Visualizing Stainforth’s Library Bookshelves: Where Were Cobbold’s Books?


How did Stainforth arrange his books? We need computing to help us answer this question.

For me, one of the most important parts of the Stainforth Library project is our endeavor to create a digital visualization of how the collector arranged his books in his private library. My plan is to do this with Processing. The manuscript catalog of Stainforth’s library lists shelf-marks for each book in his collection and we can obtain book dimensions and physical bibliography data from sources such as the Library of Congress and rare book library databases. Each shelf-mark is comprised of a letter and a number. Occasionally a work will have more than one shelf-mark.

Why Does Stainforth’s Shelving System Matter? It is crucial to learn how Stainforth’s collection was organized because, as scholars such as Elizabeth Eger, Laura Mandell, and Chantel Lavoie have demonstrated, ways of collecting (or omitting) women’s writing have impacted women writers’ agency, historically, as well as the way in which we receive these works now. In Misogynous Economies, Mandell argues that 18th-century anthologies “kill off” women’s poetry by rendering these texts embodied and, therefore, perishable and mortal, in comparison to male poets’ works that persist, immortalized in “authoritative” collections (127). Mandell says, in agreement with Eger, that “it is because women are equated with the material that a forgetting of and disgust with women poets underwrites canon formation itself” (127). Distilling this idea, Lavoie argues that “poetic collections are cultural constructs that also reconstruct” (14) — and I would argue that the same statement applies to collections of drama, as well. Both Mandell and Lavoie focus on collections of women’s writing gathered for a single book title and usually within one volume.

In addition to anthologies and miscellanies, compilers and collectors also gathered 18th- and 19th-century women’s writing among volumes that filled libraries–spaces that traditionally belonged to men. Thus, I add scholarship on collections of women’s writing in books gathered in a library to studies of women’s writing collected on a smaller scale within a book’s cover. Studying Stainforth’s 6,000-book collection of writing by five centuries of women authors, its acquisition and shelving, the relative values of the works therein, the relationship between his collection of women’s writing and its archive in a masculine space, and its dissolution in the Sotheby’s auction, begins the work of discovering how legacy collections of women’s writing (Stainforth’s and other libraries) have impacted canon formation and scholarship.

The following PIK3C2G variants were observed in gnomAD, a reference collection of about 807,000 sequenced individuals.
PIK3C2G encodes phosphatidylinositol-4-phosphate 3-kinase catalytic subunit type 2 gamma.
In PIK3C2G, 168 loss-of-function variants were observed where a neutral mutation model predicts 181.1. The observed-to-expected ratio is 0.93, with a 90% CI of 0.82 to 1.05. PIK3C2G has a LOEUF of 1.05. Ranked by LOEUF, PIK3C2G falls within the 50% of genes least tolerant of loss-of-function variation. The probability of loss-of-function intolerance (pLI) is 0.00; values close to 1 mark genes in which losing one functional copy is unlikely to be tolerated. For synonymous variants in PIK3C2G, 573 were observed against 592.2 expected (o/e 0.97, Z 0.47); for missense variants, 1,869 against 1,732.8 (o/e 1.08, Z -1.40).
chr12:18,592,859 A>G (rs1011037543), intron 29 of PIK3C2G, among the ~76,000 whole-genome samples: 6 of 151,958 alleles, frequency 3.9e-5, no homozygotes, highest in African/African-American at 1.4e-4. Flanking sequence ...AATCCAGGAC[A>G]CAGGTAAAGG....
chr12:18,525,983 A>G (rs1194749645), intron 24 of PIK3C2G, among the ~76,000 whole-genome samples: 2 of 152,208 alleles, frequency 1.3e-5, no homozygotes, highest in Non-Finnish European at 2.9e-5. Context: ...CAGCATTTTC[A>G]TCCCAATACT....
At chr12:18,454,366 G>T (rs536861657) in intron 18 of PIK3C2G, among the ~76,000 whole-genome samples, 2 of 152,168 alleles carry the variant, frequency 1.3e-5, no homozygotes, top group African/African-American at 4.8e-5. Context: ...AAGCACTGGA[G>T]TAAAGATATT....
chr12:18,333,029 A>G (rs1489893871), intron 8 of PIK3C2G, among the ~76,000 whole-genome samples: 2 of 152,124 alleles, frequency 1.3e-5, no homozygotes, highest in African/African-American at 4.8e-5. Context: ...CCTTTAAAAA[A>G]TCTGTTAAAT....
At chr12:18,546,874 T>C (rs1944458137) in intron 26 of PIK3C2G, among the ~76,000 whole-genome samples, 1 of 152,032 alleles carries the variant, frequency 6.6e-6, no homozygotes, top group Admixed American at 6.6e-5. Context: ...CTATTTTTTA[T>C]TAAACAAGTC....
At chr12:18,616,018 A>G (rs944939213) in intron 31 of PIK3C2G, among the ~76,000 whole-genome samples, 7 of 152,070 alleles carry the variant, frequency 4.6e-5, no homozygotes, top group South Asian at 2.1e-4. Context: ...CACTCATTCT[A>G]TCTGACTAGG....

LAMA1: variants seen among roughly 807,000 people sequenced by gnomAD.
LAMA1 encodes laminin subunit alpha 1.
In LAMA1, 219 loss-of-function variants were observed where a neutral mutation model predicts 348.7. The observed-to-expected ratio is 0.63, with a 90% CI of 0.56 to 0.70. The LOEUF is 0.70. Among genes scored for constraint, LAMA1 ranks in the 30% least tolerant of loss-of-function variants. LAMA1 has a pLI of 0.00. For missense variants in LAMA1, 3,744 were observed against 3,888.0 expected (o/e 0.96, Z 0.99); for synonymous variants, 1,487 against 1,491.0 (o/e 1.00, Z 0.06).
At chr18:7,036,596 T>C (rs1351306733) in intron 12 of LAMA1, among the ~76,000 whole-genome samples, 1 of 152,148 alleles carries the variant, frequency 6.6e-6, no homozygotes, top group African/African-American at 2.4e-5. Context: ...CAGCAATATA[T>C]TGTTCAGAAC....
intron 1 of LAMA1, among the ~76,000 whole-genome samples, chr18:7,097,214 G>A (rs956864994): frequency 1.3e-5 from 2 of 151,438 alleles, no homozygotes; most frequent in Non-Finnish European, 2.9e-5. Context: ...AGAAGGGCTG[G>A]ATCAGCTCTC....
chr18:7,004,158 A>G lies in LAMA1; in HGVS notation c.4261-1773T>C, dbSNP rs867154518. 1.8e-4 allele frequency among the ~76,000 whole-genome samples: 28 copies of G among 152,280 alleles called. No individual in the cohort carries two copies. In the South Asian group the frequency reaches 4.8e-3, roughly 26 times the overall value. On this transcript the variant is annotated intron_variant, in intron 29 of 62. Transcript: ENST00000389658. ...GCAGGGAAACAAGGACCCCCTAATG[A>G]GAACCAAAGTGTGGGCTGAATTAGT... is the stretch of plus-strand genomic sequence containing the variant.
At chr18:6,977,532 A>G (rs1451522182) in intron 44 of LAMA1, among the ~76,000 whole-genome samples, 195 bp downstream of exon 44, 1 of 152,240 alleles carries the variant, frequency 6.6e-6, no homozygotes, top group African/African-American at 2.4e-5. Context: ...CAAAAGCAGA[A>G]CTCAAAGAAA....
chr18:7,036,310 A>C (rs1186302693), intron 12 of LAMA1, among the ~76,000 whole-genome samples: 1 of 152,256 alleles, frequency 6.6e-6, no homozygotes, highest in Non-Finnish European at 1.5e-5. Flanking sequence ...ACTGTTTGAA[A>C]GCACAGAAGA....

The project of decoding the Stainforth library’s shelving system is one that requires computing for analysis. We have begun analyzing the shelf-marks of his 6,000-volume library by hand (because I simply couldn’t wait for the data to start) and our results, thus far, are inconclusive; we cannot find an obvious pattern that explains how he organized his books. Yet, given his reputation as a disciplined and meticulous bibliophile, conchologist, and philatelist, and given 19th-century perceptions of literary genre and authorship, we feel strongly that Stainforth’s shelving system, once uncovered, will be instructive. We need a larger data set–a sortable, digital data set–to better analyze Stainforth’s shelving system, book by book, to understand his patterns of acquisition and archival methodologies. His archival practices participate in the history of the circulation, or containment, of women’s writing–texts that, until the late 20th century, were undervalued and segregated by patriarchal agendas.

Where were Cobbold’s Books in Stainforth’s Library of Women’s Writing? Cobbold’s works are listed under the shelf-marks C7, K3, L7, J2, and H6. From this, we learn that his books were not archived in alphabetical order by author name. I leafed through the manuscript to identify other works with the same shelf-marks as Cobbold’s books, and I discovered that not only were books with the same author located on different shelves, but books on the same shelf also seemed to have different themes, publication years, publishers, and publisher locations. Additionally, these works seem to not be grouped by genre, either.

We look forward to completing our manuscript transcription efforts, as these will deliver the data necessary to analyze Stainforth’s shelving methodologies with computing. We will continue to blog our progress as we learn more.

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